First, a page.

UPDATE 3/9/2013 @ 10am: YouTube removed the original video for being hate speech, so I’ve updated the video embed with a mirror from LiveLeak. Thanks to commenter Aishi Yupi for providing the link.
UPDATE 3/6/2013 @ 9:30pm Pacific Time: It looks like Sam Hendrickson has deleted his Facebook page. When I looked at it a few hours ago, his page was filled with lot of Asians calling him out for his racism and a bunch of white people defending Sam’s video and saying “chill out, it’s just a joke!”
If you’re a white college kid who wants to become famous for making funny videos online, the way to get started is to post a racist video, ranting about what you don’t like about Asians… that is, if you go to the Alexandra Wallace School of Asian American Internet Infamy* (I heard this is where she ended up after leaving UCLA).
Samuel Hendrickson, a
University of Southern Indiana Indiana University student, made a four-and-a-half minute video listing out ten reasons he’d “hate to be Asian”:
Evidently, Sam meant for this video to be a joke (according to a comment on YouTube, he says “I know not all asians look alike.. this whole video was a joke.”) and he has uploaded other so-called funny videos with his friends under the 3LetterMafia banner.
I would like to really apologize to the entire Asian race and anyone else offended by my video. What I did was a joke but was not taken as one, with that being said, I sincerely am sorry for offending anyone.
Says our anonymous tipster, “this shows us that racism is alive and well today. People like this person are why we must keep fighting for equality.”
My hope is that a good parody or two comes out of this. After all, the parodies were the best things to come out of the whole Alexandra Wallace debacle.
h/t: Anonymous tipster
*This had better not be a real thing.
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Since the sixth of November is 2012′s election year, Mother Jones recently put out an article on the timeline of voter suppression in America. What’s interesting about the piece is that many individuals from Asian American history are right there on the timeline. Here’s a few snippets snagged from them with a few comments from us, and an extra tidbit we added as well. Can you throw in some of your own highlights from Asian American history and current events too?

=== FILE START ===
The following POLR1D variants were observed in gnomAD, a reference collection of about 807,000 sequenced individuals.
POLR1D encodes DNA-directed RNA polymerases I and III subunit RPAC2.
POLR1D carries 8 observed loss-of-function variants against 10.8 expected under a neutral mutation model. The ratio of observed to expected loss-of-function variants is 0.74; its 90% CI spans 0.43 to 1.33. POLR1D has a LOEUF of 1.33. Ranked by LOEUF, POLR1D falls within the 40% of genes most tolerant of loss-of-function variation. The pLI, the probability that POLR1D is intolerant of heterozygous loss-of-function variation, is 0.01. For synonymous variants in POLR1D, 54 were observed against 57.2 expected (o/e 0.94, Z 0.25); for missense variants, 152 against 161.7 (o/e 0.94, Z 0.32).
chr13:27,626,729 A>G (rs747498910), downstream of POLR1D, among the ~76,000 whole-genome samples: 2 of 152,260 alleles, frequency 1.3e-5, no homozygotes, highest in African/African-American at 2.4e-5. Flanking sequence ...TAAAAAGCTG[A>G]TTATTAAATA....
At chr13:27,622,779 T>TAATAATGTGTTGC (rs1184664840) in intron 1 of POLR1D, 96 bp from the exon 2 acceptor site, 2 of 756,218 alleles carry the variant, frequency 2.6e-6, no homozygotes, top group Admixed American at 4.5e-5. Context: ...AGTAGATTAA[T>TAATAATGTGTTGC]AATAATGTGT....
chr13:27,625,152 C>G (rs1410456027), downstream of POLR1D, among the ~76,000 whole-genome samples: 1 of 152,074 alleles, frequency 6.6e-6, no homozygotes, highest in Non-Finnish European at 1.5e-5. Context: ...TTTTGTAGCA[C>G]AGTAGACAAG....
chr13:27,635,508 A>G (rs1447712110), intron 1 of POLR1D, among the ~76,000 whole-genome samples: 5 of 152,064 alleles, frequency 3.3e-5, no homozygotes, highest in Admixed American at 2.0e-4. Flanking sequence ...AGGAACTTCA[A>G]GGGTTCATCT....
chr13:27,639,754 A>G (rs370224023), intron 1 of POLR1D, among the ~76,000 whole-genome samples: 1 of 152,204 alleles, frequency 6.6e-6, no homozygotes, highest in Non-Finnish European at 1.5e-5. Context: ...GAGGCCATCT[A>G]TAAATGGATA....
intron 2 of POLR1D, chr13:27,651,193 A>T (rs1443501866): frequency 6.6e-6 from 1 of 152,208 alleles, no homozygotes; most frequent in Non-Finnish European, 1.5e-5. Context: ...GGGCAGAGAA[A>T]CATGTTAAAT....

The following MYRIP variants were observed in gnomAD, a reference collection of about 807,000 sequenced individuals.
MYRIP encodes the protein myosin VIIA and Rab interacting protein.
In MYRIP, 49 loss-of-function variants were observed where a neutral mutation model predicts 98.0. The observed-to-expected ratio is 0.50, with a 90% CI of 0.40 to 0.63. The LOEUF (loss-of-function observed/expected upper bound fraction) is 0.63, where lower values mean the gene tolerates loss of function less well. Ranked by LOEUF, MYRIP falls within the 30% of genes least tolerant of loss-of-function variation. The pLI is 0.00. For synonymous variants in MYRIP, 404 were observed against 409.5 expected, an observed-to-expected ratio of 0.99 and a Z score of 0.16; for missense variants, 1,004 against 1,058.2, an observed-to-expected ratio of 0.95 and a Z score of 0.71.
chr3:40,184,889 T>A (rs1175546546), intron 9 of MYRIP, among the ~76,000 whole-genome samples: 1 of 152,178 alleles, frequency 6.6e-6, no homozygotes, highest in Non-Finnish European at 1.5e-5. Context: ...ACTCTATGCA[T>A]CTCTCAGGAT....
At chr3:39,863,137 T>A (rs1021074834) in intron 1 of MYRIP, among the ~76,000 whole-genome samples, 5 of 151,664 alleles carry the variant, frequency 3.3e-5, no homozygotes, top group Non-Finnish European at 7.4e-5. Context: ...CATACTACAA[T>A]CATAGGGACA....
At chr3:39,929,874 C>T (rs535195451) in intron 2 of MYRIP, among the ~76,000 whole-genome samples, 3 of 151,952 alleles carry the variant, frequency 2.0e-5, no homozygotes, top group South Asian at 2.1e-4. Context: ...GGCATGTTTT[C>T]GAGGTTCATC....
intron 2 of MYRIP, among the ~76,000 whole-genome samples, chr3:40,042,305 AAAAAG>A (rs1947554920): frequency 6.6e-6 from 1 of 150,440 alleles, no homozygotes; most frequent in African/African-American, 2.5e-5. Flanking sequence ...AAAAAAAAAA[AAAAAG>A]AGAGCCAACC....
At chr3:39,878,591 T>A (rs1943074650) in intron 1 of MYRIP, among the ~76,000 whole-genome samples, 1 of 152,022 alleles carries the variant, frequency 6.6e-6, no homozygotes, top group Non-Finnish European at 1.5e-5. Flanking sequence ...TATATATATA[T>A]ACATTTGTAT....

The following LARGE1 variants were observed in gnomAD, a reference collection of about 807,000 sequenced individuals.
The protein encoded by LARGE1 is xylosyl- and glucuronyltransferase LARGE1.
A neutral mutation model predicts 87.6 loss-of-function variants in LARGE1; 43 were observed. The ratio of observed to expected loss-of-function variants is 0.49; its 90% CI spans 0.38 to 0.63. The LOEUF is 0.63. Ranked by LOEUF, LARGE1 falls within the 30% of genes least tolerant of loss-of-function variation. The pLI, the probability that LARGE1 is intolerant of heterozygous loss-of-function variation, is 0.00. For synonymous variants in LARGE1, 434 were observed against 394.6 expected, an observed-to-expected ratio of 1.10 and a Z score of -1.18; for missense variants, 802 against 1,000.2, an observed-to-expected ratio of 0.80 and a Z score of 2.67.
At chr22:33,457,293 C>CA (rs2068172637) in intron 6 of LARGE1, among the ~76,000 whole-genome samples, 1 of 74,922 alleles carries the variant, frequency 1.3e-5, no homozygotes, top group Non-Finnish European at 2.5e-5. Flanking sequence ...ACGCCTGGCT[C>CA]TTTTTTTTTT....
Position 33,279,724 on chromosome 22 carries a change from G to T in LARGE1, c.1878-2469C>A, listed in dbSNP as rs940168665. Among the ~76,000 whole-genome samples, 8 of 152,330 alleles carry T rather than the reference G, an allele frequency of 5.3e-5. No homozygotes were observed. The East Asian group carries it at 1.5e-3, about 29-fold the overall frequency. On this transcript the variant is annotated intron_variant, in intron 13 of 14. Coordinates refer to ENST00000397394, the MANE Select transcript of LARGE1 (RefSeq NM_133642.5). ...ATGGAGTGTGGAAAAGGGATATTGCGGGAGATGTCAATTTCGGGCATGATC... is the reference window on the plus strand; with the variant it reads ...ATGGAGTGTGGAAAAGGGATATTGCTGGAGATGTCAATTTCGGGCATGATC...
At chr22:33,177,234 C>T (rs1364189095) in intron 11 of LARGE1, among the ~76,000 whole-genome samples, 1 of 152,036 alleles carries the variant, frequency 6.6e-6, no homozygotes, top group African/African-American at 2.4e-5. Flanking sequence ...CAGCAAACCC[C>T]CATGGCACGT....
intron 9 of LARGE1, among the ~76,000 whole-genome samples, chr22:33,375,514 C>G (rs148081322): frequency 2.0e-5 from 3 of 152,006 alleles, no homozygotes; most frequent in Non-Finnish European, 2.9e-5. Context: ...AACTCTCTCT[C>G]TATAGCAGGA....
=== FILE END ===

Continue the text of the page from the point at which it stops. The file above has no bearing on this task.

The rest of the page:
EDITOR’S NOTE: This piece contains viewpoints from the author regarding the alleged gunman and the gunman’s possible intent(s). As the investigation of the Sikh temple is ongoing, the Editors remind all readers that the opinions and assumptions in this piece are solely that of the author’s and do not reflect the opinions of other contributors of this site, or of 8Asians as a whole. –JW
On Sunday August 5th 2012 around 10:25am, a white armed man entered a wide open Sikh temple and opened fire, leaving six dead before police shot and killed the gunman. “Tattoos on the body of the slain Sikh temple gunman and certain biographical details led the FBI to treat the attack at a Milwaukee-area temple as an act of domestic terrorism, officials said Sunday”, according to the LA Times.
I am not here to argue about stricter gun control laws (which I personally believe should happen) but instead I am here to create something remotely positive out of so heinous a tragedy. Therefore, it must be emphasized that the attack was conducted in a Sikh temple, which the white supremacist most likely confused for a Muslim mosque. Sikhs are the 5th largest religion in the world but it is also one of the least understood and known. For those who are completely unacquainted on the Sikh religion, please make sure to check out the SALDEF website to learn more about it.
I like to believe that this attack happened because the gunman attacked what he did not know and in many cases, what you don’t know can often lead to the things you fear and loathe. So if this is the case, let us take this time to at least be knowledgeable in what we don’t know so that ignorance cannot be a factor in what leads our decisions. And that is all.
Please keep the victims and their family members in your thoughts and prayers as the nation will once again plunge into a messy debate about the myriad of issues that surround this country.
If you haven’t heard already from numerous sources, Jeremy Lin has officially taken the $25 million offer from Houston Rockets after his home team, the New York Knicks, refused to match the offer. If I was in his shoes, I would take that offer because I could certainly use the payroll upgrade. But then there is that question of loyalty and being grateful to the people that made you a standout in the first place. It’s pretty clear that this is not sitting well with a LOT of people.